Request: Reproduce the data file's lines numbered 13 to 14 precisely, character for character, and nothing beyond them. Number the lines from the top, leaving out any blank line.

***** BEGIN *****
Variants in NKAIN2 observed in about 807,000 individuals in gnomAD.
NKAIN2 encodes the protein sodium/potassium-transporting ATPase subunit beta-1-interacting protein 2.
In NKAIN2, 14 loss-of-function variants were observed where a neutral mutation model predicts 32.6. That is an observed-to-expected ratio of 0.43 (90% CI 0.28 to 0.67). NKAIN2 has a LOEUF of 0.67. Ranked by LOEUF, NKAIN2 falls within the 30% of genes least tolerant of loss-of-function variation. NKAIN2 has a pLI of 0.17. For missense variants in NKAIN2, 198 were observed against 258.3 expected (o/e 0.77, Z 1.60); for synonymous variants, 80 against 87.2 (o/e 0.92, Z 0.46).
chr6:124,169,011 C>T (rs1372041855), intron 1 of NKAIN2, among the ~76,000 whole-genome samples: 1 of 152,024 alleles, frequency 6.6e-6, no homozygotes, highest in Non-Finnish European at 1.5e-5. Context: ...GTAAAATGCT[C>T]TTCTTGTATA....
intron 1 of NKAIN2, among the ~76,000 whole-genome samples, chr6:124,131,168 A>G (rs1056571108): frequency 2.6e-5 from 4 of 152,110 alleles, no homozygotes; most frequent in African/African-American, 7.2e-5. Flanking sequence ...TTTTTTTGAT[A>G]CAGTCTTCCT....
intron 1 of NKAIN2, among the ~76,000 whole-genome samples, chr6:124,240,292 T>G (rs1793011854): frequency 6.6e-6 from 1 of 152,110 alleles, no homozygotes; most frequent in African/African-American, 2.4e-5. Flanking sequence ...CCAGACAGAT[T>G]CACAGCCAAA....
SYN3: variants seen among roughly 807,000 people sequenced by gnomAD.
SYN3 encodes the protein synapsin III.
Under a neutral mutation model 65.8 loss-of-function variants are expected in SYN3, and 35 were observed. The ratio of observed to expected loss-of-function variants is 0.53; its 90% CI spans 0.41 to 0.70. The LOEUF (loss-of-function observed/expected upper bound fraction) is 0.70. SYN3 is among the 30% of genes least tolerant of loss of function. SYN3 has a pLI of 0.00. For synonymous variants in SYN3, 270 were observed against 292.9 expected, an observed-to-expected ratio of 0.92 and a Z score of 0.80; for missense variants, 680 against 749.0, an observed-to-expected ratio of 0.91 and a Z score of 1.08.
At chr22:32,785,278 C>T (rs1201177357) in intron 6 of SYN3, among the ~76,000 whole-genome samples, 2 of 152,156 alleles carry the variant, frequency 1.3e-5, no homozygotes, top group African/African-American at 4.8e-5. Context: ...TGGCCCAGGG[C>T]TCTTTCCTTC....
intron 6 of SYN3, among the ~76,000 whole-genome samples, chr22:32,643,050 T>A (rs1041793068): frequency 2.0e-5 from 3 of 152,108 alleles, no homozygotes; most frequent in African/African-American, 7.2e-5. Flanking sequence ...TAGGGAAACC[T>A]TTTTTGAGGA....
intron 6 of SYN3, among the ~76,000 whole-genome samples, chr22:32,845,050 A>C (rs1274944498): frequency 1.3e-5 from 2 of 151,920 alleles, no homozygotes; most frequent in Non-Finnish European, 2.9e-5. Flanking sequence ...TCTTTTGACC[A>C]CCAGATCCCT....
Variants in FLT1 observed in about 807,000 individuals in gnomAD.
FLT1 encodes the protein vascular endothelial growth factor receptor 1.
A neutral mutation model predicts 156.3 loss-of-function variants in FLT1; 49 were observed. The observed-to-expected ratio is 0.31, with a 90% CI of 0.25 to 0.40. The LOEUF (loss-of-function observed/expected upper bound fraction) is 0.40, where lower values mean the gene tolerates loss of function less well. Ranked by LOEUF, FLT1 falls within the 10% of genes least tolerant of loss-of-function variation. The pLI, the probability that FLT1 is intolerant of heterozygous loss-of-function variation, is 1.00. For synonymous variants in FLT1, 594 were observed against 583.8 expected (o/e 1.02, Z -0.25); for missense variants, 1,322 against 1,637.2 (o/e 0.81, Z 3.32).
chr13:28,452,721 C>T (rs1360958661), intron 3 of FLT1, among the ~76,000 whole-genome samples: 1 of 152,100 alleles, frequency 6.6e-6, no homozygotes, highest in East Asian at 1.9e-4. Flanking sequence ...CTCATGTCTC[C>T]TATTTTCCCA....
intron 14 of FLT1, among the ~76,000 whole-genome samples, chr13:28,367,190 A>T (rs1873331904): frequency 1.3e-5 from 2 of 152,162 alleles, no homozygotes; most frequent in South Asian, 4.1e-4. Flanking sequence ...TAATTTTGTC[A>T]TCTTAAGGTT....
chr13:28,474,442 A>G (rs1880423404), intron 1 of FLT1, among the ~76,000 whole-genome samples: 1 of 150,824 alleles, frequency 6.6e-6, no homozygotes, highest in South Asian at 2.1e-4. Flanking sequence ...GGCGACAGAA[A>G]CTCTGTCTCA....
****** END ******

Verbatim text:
Variants in FLT1 observed in about 807,000 individuals in gnomAD.
FLT1 encodes the protein vascular endothelial growth factor receptor 1.